Forecasts show that east winds will dominate in the coming days, dropping daytime temperatures and making overnight frost a common feature, particularly on farms in upland areas.

A continuous period of low and freezing temperatures could mean water pipes are at risk of freezing. Frosty conditions pose challenges for farmers going about their daily routine.

Removing the cover on the silage pit: Take care when moving the cover on top of the silage clamp, as frost will make the plastic very slippy.

Ideally, remove the cover in daylight over the weekend, exposing enough silage to last for a week. Wait until the frost has lifted before climbing on the pit and use a ladder that is properly secured to make the job safer.

Water provision

If there is exposed water piping that is prone to freezing, apply some form of lagging for insulation. Filling an IBC container with water will provide a good back-up in the event that a water pipe does freeze and burst.

Have a few spare joints in store, just in case repairs are needed. Leaving an outdoor tap slightly turned on will also reduce the risk of pipes freezing.

Just make sure water is being collected in an IBC or drain pipe, rather than running across the yard and creating ice.


Check that tractors and loaders are topped up with anti-freeze and keep a spare battery or booster pack to hand, just in case older machines are slow to start on mornings following heavy frost.

Moving the fence for cattle grazing kale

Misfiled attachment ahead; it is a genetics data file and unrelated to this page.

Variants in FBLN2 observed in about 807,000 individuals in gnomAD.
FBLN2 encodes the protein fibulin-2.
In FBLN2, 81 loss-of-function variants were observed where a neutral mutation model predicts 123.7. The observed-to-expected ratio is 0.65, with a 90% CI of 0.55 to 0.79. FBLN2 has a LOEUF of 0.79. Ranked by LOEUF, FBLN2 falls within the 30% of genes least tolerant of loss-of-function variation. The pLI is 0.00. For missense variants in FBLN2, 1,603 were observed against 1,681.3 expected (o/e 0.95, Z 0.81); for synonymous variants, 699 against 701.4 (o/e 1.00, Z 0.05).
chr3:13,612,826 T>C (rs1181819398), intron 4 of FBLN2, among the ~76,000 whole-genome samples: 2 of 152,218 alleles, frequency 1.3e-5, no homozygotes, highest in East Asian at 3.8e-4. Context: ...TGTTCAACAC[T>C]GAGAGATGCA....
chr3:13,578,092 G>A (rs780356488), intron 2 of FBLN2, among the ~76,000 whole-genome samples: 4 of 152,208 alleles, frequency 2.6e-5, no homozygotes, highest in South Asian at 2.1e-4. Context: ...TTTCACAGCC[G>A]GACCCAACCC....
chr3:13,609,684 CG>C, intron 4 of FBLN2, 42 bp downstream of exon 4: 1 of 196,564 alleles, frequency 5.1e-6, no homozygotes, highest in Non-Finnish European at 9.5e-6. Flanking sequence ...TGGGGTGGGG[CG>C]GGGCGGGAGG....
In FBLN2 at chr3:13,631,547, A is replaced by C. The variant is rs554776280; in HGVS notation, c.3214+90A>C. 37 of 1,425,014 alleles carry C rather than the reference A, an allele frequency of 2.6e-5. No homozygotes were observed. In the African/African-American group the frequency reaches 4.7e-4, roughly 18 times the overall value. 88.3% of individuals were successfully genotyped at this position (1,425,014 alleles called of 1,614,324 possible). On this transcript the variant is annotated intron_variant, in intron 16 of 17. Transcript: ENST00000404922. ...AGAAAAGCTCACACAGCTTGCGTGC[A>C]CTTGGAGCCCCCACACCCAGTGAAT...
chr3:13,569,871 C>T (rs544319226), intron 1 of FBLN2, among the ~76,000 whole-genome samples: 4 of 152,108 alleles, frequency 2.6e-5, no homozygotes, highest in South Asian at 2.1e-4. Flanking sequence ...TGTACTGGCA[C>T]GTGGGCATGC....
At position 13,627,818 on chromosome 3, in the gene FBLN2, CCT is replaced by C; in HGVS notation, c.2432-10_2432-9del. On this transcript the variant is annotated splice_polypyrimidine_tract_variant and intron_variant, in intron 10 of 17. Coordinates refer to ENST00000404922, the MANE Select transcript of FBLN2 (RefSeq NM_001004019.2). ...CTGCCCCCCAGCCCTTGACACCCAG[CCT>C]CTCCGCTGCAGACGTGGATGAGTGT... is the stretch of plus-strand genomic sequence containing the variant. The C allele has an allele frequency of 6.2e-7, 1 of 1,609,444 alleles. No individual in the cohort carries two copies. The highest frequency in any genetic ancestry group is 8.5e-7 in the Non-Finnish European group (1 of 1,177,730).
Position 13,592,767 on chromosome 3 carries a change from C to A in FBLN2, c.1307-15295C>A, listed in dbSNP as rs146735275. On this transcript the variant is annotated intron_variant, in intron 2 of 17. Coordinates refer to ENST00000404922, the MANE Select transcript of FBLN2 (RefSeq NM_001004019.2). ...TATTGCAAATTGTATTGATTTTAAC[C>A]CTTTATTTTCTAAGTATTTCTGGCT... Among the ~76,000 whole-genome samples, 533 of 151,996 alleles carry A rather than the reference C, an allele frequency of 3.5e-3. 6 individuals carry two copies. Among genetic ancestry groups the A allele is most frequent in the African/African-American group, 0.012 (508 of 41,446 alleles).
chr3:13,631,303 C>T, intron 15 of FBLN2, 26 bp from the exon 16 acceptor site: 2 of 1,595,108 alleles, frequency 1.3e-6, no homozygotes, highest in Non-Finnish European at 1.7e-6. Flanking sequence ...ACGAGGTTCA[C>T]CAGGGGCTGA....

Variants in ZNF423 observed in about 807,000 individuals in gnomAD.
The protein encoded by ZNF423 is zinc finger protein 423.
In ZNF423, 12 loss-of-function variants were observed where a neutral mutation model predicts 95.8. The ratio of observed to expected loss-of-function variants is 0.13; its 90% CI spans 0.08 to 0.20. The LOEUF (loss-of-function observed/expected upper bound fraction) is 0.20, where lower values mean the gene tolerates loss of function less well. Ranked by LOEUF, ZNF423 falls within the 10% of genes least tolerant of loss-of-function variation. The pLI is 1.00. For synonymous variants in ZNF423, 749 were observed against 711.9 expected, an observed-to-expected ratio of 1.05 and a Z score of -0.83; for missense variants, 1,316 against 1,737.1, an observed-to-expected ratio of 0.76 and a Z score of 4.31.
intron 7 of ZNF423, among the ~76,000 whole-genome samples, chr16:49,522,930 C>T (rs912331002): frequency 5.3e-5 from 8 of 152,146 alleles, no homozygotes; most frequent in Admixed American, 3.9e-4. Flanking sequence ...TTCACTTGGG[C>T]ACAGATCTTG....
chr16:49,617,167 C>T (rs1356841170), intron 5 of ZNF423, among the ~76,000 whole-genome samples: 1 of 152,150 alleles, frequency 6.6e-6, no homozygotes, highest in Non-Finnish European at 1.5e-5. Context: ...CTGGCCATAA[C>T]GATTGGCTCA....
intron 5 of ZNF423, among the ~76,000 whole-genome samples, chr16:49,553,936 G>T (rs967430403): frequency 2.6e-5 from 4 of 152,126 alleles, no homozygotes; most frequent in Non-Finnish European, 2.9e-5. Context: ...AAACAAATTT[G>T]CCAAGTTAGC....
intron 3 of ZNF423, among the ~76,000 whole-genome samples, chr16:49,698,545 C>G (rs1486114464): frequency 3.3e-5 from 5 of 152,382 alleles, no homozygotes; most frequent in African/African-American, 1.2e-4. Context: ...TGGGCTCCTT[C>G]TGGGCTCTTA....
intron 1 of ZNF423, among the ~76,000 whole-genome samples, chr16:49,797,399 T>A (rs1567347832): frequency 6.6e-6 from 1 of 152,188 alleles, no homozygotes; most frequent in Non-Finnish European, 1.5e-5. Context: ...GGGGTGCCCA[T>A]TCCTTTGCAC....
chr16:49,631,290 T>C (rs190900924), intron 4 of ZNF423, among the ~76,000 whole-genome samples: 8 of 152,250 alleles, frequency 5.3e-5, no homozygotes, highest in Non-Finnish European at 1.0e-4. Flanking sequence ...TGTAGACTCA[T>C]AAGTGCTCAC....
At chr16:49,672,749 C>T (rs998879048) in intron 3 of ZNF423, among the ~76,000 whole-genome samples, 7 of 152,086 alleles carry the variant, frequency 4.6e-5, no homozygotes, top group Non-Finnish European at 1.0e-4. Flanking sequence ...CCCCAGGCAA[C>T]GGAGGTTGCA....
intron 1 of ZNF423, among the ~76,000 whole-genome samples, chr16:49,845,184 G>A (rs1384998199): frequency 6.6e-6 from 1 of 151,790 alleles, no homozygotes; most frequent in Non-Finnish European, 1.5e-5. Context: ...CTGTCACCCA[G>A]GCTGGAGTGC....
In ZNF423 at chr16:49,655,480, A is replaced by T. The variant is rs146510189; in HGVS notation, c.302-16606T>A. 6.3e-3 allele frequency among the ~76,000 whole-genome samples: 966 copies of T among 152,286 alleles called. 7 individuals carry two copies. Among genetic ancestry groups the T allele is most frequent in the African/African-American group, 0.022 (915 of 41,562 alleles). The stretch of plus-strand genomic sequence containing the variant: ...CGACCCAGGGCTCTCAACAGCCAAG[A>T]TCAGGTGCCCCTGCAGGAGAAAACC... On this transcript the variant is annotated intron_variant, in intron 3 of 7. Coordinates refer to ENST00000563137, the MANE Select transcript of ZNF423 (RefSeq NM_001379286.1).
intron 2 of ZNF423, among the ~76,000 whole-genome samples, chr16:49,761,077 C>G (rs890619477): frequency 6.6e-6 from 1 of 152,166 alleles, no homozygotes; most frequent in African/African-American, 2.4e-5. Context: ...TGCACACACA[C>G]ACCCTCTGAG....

If cattle are being outwintered on kale or crops such as forage rape and stubble turnips, do not move the electric wire to give the next grazing allocation in the morning.

Wait until the frost has lifted. Frost will increase the nitrate levels in such crops and can lead to poisoning if cattle ingest excessive levels.

Delay cattle handling tasks until afternoon: If the yard has ice lying, delay any tasks where cattle have to be removed from the shed for handling until the ice has thawed.

Pneumonia Issues

I have heard reports of pneumonia in sheds this week. Watch for signs of animals not eating or dull. Take some temperatures if you’re not sure as you can often pick up some sick animals with a temperature who have no symptoms.

Temperatures of weanlings should be 38-40°C. Consult your vet. Some farmers have found allowing autumn calves outdoors for a few hours every day has helped reduce pneumonia incidence.

Don’t forget about booster shots if you are on a pneumonia vaccination programme.

I have spoken to a vet this week who has come across a few bad cases of worm problems in weanlings. The animals were dosed in August and housed in early November, but picked up more worms with the mild wet weather.

Look for signs of ill thrift and poor appetite and make sure they are covered for fluke, lice and worms over the next few weeks.